Using this ratio, we obtain the value function of target policy

\[v_\pi(s) = E[\rho_{t:T-1} G_t | S_t = s]\]

To estimate \(v_\pi(s)\) using previous formula, we can do the ordinary importance sampling

\[V(s) = \frac{\sum_{t \in \tau(s)} \rho_{t:T(t)-1} G_t}{|\tau(s)|}\]

where \(\tau(s)\) is the set of all timestamps in which state \(s\) is visited

or the weighted importance sampling

\[V(s) = \frac{\sum_{t \in \tau(s)} \rho_{t:T(t)-1} G_t}{\sum_{t \in \tau(s)} \rho_{t:T(t)-1}}\]

In the first-visit methods, ordinary importance sampling is unbiased with large variance, weighted importance sampling is biased but with much smaller variance and is strongly preferred. In the every-visit method, both are biased.

4.2.4. Off-policy Control

5. Value-based Algorithms

5.1. Temporal Difference Learning (Model-free)

Recall Monte Carlo do the following prediction

\[V(S_t) = V(S_t) + \alpha (G_t - V(S_t))\]

where \(G_t\) is the actual return following time \(t\). It means we must wait until the end of the episode to determine the increment to \(V(S_t)\)

In contrast, TD methods use cached value instead of the waiting complete actual return. For example,

Model (TD(0)) it updates value \(V(S_t)\) toward estimated return \(R_{t+1} + \gamma V(S_{t+1})\)

\[V(S_t) = V(S_t) + \alpha(R_{t+1}+\gamma V(S_{t+1})-V(S_t))\]

Because it bases its update in part on an existing estimate, it is called bootstrapping method.

The comparison between MC (left) and TD (right) can be illustrated as following

comparison (Reference: from RL Book 2nd version)

It has some bias, low variance (because only one random action in case of TD(0))

It can be generalize to look n steps into the future, we can average multiple n steps

Definition (TD(lambda)) TD(lambda) combines all n-steps return with decaying weight.

\[G_t^{\lambda} = (1-\lambda)\sum {\lambda^{n-1} G^n_t}\]

5.2. SARSA: On-policy TD Control

Instead of using TD to update state values, we use TD to update action values with a tuple \((S_t, A_t, R_{t+1}, S_{t+1}, A_{t+1})\)

\[Q(S_t, A_t) = Q(S_t, A_t) + \alpha [ R_{t+1} + \gamma Q(S_{t+1}, A_{t+1}) - Q(S_t, A_t)]\]

5.3. Q-Learning: Off-policy TD Control

Q-learning learned the action value function \(Q\) to directly approximate \(q_*\) as follows:

\[Q(S_t, A_t) = Q(S_t, A_t) + \alpha [ R_{t+1} + \gamma \max_a Q(S_{t+1}, a) - Q(S_t, A_t)]\]

It is an off-policy as the next action is obtained by maximizing \(q\) instead of following current policy

6. Policy-based Model

In policy-based algoirhtms, we aim to optimize the policy directly without using a value function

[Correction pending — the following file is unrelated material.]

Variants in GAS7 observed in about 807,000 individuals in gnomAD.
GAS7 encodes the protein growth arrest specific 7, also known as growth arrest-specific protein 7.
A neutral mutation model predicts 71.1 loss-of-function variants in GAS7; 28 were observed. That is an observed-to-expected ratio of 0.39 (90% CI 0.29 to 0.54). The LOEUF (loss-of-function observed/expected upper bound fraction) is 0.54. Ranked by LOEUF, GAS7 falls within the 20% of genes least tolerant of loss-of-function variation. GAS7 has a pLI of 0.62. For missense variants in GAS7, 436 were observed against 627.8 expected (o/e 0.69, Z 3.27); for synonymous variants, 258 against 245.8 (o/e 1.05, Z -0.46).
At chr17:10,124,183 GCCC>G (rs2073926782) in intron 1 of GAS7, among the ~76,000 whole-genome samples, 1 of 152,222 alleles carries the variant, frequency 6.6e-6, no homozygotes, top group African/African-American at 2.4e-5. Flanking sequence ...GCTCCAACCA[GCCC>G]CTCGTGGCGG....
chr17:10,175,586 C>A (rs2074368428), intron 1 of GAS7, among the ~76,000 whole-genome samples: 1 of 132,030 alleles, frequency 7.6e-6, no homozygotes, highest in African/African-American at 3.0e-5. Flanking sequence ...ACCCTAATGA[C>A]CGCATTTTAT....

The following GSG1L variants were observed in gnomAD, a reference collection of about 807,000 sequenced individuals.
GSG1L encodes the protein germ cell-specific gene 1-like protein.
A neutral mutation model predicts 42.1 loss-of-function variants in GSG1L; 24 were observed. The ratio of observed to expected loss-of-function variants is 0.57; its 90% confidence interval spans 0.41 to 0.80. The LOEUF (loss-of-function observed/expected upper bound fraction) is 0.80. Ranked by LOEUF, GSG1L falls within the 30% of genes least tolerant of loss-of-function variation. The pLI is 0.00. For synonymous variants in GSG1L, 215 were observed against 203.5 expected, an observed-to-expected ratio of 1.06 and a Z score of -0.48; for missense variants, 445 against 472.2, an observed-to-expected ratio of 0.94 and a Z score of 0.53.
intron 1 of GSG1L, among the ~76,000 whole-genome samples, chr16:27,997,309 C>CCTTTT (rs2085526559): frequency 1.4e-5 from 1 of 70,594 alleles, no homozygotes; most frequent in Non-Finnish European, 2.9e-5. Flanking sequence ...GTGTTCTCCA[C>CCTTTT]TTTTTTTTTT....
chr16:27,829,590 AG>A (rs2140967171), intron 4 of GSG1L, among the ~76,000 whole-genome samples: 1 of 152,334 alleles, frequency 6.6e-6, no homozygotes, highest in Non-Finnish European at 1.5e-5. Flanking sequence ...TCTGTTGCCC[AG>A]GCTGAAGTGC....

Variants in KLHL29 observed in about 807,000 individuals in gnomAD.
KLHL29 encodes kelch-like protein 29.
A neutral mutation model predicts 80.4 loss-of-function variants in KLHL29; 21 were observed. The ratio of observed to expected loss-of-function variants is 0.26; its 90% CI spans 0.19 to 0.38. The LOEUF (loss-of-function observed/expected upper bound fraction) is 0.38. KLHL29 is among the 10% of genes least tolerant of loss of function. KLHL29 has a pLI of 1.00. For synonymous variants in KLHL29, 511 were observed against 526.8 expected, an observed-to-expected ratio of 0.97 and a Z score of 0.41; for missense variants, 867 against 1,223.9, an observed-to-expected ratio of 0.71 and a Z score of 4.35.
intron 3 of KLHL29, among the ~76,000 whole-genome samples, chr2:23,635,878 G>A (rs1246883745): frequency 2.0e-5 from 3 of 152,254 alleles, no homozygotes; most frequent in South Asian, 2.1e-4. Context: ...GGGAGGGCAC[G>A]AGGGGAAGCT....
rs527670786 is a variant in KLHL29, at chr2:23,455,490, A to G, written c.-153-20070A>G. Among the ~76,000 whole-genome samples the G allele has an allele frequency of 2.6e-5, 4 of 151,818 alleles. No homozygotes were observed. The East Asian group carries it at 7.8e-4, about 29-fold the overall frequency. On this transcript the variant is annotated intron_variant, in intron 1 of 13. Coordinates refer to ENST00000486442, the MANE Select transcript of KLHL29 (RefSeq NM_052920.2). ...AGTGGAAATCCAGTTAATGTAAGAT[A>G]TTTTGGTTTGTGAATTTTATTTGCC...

The key idea is: during learning, actions that result in good outcomes should become more probable. these actions are positively reinforced. Actions are changed by following the policy gradient.

The policy gradient algorithm solves the following optimization problem

\[\text{maximize}_{\theta} J(\pi_{\theta}) = \mathbf{E}_{\tau \sim \pi_{\theta}}[R(\tau)]\]

The policy parameter \(\theta\) is updated by gradient ascent

\[\theta = \theta + \alpha \nabla_{\theta} J(\pi_{\theta})\]

where the policy gradient \(\nabla J\) is defined as

\[\nabla_\theta J(\pi_\theta) = \nabla \mathbf{E}_{\tau \sim \pi_{\theta}}[R(\tau)] = \mathbf{E}_{\tau \sim \pi_\theta}[\sum_{t=0}^T R_t(\tau) \nabla_\theta \log \pi_\theta(a_t | s_t) ]\]

The 2nd equation is done by the score function trick

Intuitively, if the return \(R_t(\tau) > 0\), then the probability of the action \(\pi_\theta(a_t | s_t)\) is increased, otherwise it is decreased

In practice, we approximate this policy gradient with Monte Carlo Sampling

\[\nabla_\theta J(\pi_\theta) \approx \sum_{t=0}^T R_t(\tau) \nabla_\theta \log \pi_\theta(a_t | s_t)\]

The REINFORCE algorithm is as follows:

1: Initialize learning rate α

2: Initialize weights θ of a policy network πθ

3: for episode = 0, . . . , MAX_EPISODE do

4:       Sample a trajectory τ = s0, a0, r0, . . . , sT, aT, rT

5:       Set ∇θJ(πθ) = 0

6:       for t = 0, . . . , T do

7:            Rt(τ)=Σ^T_{t'=t} γ^{t'−t}*r′t
8:            ∇θ J(πθ) = ∇θJ(πθ) + Rt(τ) ∇θ log πθ(at | st)

9:       end for

10:       θ = θ + α∇θ J(πθ)

11: end for

To reduce the variance of the REINFORCE, one approach is to normalize the reward as

\[\nabla_\theta J(\pi_\theta) \approx \sum_{t=0}^T (R_t(\tau) - b(s_t)) \nabla_\theta \log \pi_\theta(a_t | s_t)\]

where \(b(s_t)\) might be the value function \(V\), this is related to the Actor-Critic algorithm. Another option is to use the mean over the trajectory

\[b = \frac{1}{T} \sum_t R_t(\tau)\]

the function which is the discounted rewards minus a baseline is called the advantage function

6.2. Actor-Critic

The REINFORCE algorithm suffers the variance in the gradient estimation, which requires large samples to train. To improve this

we combine the value and policy Based models in Actor-Critic Method

  • an actor is a policy-based method, it controls how our agent behaves \(\pi_\theta(s)\)
  • a critic is a value-based method, it measures how good the taken action is, \(\hat{q}_w(s, a)\)

7. Reference

[0] RL book 2nd

[1] David Silver's reinforcement learning lecture

[2] CMU 10703 Deep Reinforcement Learning and Control

[3] Foundations of Deep Reinforcement Learning: Theory and Practice in Python

[4] Deepmind RL lecture